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By Eric Magnuson, HoneyColony Original

Bottled water is a $22 billion industry in the United States. It took a modest hit during the recession — and in some major cities and universities, a bottle backlash has erupted. But still, Americans bought more bottled water than ever in 2011: 29.2 gallons per person, a 60 percent increase since 2001.

It’s an impressive feat for an industry that charges customers about 1,900 times as much for a gallon of what they can easily pour from their own kitchen sinks. Upward of 40 percent of bottled water is actually just municipal water from the public faucet. And tests regularly confirm that tap water is as pure, tasteful, and safe as store-bought water, if not more so. Meanwhile, the water sold in bottles on supermarket shelves is far less regulated than the water flowing from your kitchen tap.

“Neither the public nor federal regulators know nearly enough about where bottled water comes from and what safeguards are in place to ensure its safety,” said Democratic congressman Bart Stupak at a hearing on the matter in July 2009.

At that time, the Government Accountability Office and Environmental Working Group had just released two major reports highlighting how bottled water faced far less oversight than tap water. Stupak had convened a hearing before the Energy and Commerce oversight subcommittee to change that.

“Just two of 188 (surveyed) bottled waters list specific water sources and treatment methods on their labels,” said Jane Houlihan, then EWG’s senior vice president for research. “Unlike community tap water suppliers, bottled water companies enjoy a regulatory holiday from (the Food and Drug Administration).”

The problem stems from the fact that tap water is regulated by the EPA while its bottled counterpart, considered a food product, is monitored by the FDA. The GAO’s 2009 report noted that quality standards between the FDA and EPA were generally consistent, but the FDA’s actual oversight of bottled water had fallen far short.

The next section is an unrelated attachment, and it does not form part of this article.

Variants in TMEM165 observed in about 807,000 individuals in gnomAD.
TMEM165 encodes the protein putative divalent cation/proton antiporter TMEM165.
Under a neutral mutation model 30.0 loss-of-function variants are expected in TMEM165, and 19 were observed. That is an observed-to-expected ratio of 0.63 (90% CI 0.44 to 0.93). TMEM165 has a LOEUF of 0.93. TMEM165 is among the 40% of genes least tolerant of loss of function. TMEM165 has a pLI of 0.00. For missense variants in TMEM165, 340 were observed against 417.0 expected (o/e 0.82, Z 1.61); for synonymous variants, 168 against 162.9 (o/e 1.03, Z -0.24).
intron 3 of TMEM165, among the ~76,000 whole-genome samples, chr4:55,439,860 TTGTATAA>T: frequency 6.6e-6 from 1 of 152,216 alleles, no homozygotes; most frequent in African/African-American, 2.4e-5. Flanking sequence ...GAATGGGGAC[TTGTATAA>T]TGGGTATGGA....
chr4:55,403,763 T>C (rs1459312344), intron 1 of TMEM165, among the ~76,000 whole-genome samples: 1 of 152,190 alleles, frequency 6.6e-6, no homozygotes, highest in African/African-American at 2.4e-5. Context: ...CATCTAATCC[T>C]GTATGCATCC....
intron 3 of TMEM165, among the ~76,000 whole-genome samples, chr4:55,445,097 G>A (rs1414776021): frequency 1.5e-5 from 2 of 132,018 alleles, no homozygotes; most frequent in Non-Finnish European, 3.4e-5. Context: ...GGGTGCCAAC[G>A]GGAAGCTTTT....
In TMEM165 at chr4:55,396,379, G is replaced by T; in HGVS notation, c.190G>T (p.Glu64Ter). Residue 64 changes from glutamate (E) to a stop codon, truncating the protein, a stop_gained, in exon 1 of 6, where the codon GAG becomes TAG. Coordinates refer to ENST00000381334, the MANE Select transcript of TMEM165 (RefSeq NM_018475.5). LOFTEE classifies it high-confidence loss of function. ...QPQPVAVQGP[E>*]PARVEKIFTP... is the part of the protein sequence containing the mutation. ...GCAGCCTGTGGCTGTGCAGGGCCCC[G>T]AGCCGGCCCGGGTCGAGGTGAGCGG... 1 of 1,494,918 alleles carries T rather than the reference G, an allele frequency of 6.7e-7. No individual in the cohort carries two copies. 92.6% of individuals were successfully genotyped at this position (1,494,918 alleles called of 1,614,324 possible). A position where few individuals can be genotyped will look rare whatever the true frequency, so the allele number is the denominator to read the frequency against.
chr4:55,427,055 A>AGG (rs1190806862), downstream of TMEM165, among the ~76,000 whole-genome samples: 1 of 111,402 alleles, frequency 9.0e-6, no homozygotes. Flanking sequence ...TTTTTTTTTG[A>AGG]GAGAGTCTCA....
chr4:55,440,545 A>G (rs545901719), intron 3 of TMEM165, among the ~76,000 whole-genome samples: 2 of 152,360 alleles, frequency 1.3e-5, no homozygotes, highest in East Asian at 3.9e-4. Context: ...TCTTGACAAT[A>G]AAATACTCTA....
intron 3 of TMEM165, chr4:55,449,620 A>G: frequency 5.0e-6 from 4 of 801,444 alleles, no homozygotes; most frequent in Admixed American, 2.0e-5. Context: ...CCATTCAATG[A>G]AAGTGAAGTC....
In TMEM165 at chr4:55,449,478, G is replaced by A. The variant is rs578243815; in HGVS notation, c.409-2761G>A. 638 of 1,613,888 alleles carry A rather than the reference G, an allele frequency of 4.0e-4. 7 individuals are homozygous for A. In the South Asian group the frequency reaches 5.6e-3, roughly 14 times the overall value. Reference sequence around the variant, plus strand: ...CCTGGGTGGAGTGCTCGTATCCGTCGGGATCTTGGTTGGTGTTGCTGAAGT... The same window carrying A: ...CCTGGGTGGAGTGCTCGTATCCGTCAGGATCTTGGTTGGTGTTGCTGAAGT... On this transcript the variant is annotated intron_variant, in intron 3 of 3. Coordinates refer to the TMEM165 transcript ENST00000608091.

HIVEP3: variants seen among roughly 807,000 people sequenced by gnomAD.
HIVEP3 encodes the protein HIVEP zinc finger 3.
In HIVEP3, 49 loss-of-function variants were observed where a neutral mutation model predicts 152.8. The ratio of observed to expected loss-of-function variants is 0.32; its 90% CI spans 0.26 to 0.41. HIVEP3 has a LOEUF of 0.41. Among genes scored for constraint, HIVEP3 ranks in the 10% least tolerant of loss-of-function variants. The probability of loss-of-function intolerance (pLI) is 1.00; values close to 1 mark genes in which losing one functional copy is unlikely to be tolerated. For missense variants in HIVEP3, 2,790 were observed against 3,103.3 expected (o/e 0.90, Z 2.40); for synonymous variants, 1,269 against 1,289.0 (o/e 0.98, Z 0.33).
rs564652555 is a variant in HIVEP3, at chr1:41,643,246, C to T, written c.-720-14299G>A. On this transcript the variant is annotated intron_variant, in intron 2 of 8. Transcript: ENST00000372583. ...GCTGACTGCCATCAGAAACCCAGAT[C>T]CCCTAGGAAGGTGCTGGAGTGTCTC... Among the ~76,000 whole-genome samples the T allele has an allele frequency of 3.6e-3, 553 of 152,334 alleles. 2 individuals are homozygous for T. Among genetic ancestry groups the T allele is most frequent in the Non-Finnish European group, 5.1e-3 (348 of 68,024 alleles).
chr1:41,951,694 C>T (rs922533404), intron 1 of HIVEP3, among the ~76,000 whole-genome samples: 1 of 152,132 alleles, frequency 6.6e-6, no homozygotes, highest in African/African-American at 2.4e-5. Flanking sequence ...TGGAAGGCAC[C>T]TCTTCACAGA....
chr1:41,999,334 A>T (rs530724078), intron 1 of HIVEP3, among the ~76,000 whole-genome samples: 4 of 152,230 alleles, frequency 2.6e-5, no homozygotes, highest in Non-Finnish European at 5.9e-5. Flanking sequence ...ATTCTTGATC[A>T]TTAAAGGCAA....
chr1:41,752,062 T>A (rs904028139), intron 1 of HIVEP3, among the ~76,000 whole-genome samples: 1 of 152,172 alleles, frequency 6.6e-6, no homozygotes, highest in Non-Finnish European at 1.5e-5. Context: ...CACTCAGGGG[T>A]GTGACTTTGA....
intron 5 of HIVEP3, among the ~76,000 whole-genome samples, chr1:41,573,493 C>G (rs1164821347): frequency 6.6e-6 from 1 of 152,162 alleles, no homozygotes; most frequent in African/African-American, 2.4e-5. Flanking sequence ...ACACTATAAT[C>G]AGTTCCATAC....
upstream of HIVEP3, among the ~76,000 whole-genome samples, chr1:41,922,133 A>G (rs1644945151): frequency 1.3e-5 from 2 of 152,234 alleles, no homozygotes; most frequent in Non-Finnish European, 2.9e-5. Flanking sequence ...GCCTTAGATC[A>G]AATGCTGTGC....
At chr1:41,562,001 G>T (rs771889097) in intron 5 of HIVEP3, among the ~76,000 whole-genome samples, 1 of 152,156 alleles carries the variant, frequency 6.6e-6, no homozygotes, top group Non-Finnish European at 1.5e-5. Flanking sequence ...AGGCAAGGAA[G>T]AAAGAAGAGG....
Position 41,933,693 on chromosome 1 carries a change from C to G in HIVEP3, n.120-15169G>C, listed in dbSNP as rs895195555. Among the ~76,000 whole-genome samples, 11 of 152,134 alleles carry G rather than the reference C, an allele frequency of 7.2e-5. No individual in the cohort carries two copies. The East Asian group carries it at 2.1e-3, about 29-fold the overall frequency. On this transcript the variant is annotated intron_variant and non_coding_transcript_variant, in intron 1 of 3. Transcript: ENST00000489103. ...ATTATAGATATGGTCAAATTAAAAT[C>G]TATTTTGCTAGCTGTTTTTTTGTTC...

The FDA lacks authority to require bottlers to report test results, even when water-quality standards have been breached. Municipal water systems, on the other hand, must notify the public of violations within 24 hours.

To its credit, bottled water does have a “relatively good safety record,” according to the GAO. But due to regular FDA procedure, this means that bottlers are “generally assigned a low priority for inspection.” Throughout most of the 2000s, the FDA only employed the equivalent of 2.6 full-time inspectors to oversee thousands of bottled water facilities across the country.

When those 2.6 inspectors did make their rounds, “potential problems were identified in approximately 35 percent of the bottled water inspections conducted between fiscal years 2000 and 2008.” In a majority of those cases, the FDA allowed the bottlers to take voluntary action in fixing the problems.

While regulations regarding contaminants in bottled or tap water are nearly identical, one key exception existed then: The FDA had not yet regulated how much DEHP — a plasticizer linked to internal organ damage in animal studies — could be allowed in bottled water. The EPA had set standards for it in tap water in 1992.

Aside from a few reporters and disinterested Republicans, however, the hearing room that July was largely empty.

“With all of the life-threatening health priorities facing the FDA, this issue does seem a little secondary,”said Greg Walden, a Republican representative from Oregon.